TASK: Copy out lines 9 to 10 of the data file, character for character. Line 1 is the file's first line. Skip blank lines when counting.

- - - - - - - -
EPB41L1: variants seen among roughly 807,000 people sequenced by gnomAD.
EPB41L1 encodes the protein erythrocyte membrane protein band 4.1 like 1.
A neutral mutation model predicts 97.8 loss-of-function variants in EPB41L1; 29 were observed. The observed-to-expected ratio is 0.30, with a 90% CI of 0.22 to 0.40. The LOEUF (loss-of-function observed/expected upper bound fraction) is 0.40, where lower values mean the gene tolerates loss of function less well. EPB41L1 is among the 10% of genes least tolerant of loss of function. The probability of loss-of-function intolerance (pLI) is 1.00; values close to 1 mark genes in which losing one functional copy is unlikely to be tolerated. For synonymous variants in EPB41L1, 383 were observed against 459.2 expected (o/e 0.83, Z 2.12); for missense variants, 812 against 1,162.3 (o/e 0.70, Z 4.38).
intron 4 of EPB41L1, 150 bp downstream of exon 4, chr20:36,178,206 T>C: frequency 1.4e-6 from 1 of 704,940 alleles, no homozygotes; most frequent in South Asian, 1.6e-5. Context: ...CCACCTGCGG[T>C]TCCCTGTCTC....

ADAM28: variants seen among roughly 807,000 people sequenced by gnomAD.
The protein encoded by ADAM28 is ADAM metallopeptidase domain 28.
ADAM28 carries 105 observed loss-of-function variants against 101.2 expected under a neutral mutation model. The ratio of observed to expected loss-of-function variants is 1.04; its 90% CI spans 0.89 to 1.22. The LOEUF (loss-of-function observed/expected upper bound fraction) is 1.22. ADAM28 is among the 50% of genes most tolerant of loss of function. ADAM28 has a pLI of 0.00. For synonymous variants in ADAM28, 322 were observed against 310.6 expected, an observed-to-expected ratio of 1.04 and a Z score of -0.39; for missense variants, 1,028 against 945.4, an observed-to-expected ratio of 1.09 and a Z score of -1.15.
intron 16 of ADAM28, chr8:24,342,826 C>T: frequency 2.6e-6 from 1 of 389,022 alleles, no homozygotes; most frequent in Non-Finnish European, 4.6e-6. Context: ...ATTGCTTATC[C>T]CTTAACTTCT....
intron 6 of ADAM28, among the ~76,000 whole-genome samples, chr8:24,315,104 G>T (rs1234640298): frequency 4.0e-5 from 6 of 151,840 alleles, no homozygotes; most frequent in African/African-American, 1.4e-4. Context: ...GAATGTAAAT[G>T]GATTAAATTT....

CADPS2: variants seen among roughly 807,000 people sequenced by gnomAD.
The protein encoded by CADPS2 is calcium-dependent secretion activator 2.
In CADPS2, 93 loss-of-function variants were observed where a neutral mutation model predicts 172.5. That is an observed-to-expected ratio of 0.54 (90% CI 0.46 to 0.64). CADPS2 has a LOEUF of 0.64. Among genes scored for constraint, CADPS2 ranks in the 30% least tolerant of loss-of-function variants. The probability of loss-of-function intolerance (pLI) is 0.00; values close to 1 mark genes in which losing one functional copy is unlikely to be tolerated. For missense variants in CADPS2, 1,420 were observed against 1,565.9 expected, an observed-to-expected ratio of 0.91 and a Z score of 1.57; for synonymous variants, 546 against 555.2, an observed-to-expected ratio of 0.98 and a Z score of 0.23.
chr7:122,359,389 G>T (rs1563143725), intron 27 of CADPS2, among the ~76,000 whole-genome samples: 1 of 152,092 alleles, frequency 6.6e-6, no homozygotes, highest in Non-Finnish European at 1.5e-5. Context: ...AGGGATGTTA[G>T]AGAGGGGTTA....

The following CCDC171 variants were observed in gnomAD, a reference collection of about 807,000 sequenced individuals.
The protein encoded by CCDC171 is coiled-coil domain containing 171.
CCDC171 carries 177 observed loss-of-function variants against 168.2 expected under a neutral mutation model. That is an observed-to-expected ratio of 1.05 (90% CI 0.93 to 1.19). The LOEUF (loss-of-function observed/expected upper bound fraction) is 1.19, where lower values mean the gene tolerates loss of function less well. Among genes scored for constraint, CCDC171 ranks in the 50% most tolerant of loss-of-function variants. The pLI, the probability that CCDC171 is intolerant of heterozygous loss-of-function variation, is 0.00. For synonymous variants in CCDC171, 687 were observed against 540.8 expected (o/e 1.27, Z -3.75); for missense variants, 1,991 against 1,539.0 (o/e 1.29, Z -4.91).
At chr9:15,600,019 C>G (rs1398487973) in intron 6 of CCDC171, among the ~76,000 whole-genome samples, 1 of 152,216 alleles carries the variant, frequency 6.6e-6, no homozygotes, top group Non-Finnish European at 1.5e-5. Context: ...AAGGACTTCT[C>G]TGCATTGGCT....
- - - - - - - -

intron 6 of ADAM28, among the ~76,000 whole-genome samples, chr8:24,315,104 G>T (rs1234640298): frequency 4.0e-5 from 6 of 151,840 alleles, no homozygotes; most frequent in African/African-American, 1.4e-4. Context: ...GAATGTAAAT[G>T]GATTAAATTT....

CADPS2: variants seen among roughly 807,000 people sequenced by gnomAD.